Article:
Mike Clines, the Superintendent of Schools for the Diocese of Covington, had not as of early Saturday afternoon commented.
By early evening, a new statement was issued: “This behavior is opposed to the Church’s teachings on the dignity and respect of the human person. The matter is being investigated and we will take appropriate action, up to and including expulsion.”
On Sunday this statement was posted on the school’s website from the The Diocese of Covington and Covington Catholic High School:
“We condemn the actions of the Covington Catholic High School students towards Nathan Phillips specifically, and Native Americans in general, Jan. 18, after the March for Life, in Washington, D.C. We extend our deepest apologies to Mr. Phillips. This behavior is opposed to the Church’s teachings on the dignity and respect of the human person.
The matter is being investigated and we will take appropriate action, up to and including expulsion.
We know this incident also has tainted the entire witness of the March for Life and express our most sincere apologies to all those who attended the March and all those who support the pro-life movement.”
This Is One Account of What Occurred
It reads, “A the close of the Indigenous Peoples’ March and rally, the few of us left lingering to chat and meet were confronted and surrounded by 50 to 70 young people wearing Trump’s hats, T-shirts and other apparel. The group consisted of mostly young white men who started to intimidate, mock and scare us with a mop mentality in order to silence a demonstration that was mostly concluded. The group outnumbered us and enclosed our small group, chanting ‘build the wall’ another Trump-isms. The group was clearly looking for ANY opportunity to get violent and they consistently infringed upon our space, inching closer and closer, bumping into us and daring us to get physical. They surrounded us screaming, cajoling and mocking the elder singing with intentionally disrespectful dancing and attempting to chant\sing louder than him. He did not break focus on move inch for the entirety of the encounter. And perhaps the saddest part of all is that this song was medicine to calm the anger and toxicity of these men.”
The School’s Code of Conduct Calls for Possible Expulsion for ‘Assault or Harassment’
The school, founded in 1925, is located in Park Hills, Kentucky, and part of the Catholic Diocese of Covington and is an all-boys parochial school with around 600 students, the overwhelming majority white based on photos from its website. Its Twitter account, previously public and now private, has a profile blurb that reads, “With Spirit that Will Not Die! Educating Young Men Spiritually, Academically, Physically and Socially.”
The school’s Code of Conduct page reads that “act(s) of assault or harassment on or off campus of any kind…” will result in “SUSPENSION WITH POSSIBLE RECOMMENDATION FOR EXPULSION.”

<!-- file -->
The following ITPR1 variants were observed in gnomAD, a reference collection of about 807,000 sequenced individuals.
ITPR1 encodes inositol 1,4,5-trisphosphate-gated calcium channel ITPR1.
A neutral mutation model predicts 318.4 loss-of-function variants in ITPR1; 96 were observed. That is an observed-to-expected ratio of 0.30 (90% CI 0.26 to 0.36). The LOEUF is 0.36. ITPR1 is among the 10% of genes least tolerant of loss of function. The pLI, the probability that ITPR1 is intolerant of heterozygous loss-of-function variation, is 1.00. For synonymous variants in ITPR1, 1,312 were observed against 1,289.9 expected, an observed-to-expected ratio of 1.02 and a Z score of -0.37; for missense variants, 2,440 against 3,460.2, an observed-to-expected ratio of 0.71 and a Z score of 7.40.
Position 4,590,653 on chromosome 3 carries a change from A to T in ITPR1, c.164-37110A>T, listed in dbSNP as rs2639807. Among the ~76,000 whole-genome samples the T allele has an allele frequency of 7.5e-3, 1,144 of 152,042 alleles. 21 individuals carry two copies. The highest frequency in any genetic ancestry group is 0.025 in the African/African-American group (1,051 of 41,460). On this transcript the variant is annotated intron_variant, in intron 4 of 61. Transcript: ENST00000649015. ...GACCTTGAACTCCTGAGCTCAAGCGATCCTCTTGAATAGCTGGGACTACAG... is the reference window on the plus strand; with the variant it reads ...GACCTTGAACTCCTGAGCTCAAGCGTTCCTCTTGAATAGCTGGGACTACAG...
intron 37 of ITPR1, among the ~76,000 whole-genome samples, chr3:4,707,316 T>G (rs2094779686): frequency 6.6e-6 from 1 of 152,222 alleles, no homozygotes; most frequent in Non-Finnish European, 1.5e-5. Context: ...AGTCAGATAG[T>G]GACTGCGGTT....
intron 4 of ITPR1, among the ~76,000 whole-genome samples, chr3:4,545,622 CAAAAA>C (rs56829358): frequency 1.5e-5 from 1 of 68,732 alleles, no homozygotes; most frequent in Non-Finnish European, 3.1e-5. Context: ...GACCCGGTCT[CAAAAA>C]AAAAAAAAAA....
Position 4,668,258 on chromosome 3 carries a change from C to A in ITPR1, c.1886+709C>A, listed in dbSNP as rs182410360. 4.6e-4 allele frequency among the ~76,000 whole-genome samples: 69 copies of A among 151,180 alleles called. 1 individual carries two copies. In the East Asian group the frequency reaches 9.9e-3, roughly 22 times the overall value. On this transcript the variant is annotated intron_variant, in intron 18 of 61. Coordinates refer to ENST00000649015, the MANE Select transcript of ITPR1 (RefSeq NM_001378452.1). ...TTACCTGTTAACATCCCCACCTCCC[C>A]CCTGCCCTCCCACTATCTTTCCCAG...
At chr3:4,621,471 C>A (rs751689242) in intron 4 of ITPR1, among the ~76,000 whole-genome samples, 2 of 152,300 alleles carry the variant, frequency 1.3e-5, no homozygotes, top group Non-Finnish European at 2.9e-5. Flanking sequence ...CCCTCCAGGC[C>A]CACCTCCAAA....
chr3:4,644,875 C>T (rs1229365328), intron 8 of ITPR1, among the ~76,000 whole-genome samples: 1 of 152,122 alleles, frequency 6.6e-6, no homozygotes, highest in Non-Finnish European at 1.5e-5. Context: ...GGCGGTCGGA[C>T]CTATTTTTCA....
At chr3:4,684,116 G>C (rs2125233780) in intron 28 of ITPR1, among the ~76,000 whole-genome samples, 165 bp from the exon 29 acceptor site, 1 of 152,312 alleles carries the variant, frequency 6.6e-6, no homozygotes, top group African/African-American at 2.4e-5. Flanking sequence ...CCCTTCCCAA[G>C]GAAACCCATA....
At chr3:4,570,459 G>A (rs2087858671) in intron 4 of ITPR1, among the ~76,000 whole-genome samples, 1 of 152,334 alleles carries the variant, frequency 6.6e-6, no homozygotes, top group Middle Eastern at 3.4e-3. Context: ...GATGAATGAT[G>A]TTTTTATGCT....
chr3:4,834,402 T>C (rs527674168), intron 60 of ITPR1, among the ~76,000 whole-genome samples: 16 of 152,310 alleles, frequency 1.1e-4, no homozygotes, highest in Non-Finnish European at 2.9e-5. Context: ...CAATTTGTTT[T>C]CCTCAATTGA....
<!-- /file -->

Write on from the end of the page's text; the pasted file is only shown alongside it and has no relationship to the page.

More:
On its website, its mission is described as existing to “embrace the gospel message of Jesus Christ in order to educate young men spiritually, academically, physically, and socially. With this focus, we are Building Minds and Living Faith.”
In a statement, the Roman Catholic Diocese of Covington said, via WLWT, that they “condemn the actions of the Covington Catholic High School students towards Nathan Phillips specifically.” The statement says the actions of the students is against the Church’s teachings.” The statement closes by saying that the events “tainted” the anti-choice movement.
A separate statement, via Cincinnati.com, says that the school will explore all discipline options for the students in question “up to and including expulsion.”
Widespread Outrage Over the Incdient Filled Social Media, but Some Are Defending the Teens
“I’ve seen this video from three different angles. These are apparently students from Covington Catholic HS in Kentucky being encouraged by their chaperones to mock indigenous elders. Sickening.”
According to the calendar of events on its website, students from Covington Catholic were in D.C. for the March for Life, but appear to have strayed from that event to harass people marching int the Indigenous Peoples Day March.
Comments on various sites where the video has been published share a similar sentiment, like this one from Reddit.
“He seems like the kind of little shit that says I dare you to punch me and when he gets decked he goes home crying to his mom and then calls the cops.”
Beyond Twitter, Facebook, YouTube, Reddit and other online social locations, people have taken to Yelp! to share their disdain for the actions of the Covington students and, presumably, the adults educators with them who allowed the swarming of Native American elders.
“Your students are little klansman in the making. Makes sense to me! They’re getting that good Christian education that teaches them to hate everyone. Great job educating the youth!”
“This school is a shameful place where students are encouraged to harass peaceful protesters! The students’ racist behavior in public is a window into the dark heart of this school.”
Some Trump supporters and conservative Twitter users are defending and supporting the students, claiming that the boys were approached first by Phillips and the Native Americans, and were targeted by insults by other groups.
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CORRECTION: An earlier version of this report identified a woman who had emailed a statement to Heavy as someone believed to be the mother of the Covington Catholic student seen immediately in front of Nathan Philips in the video. Heavy did not identify the woman or her son by name.
Nick Sandmann, a Covington student, has since issued a statement identifying himself as the student shown in front of Phillips. The woman quoted in Heavy’s original report is the mother of a different Covington student, not of Nick Sandmann.
Heavy can confirm that the Covington parent quoted in the report is not Julie Weis Sandmann, Nick Sandmann’s mother.
The statement was falsely attributed in other news reports to Julie Sandmann. Heavy apologizes for the confusion that led to that incorrect attribution.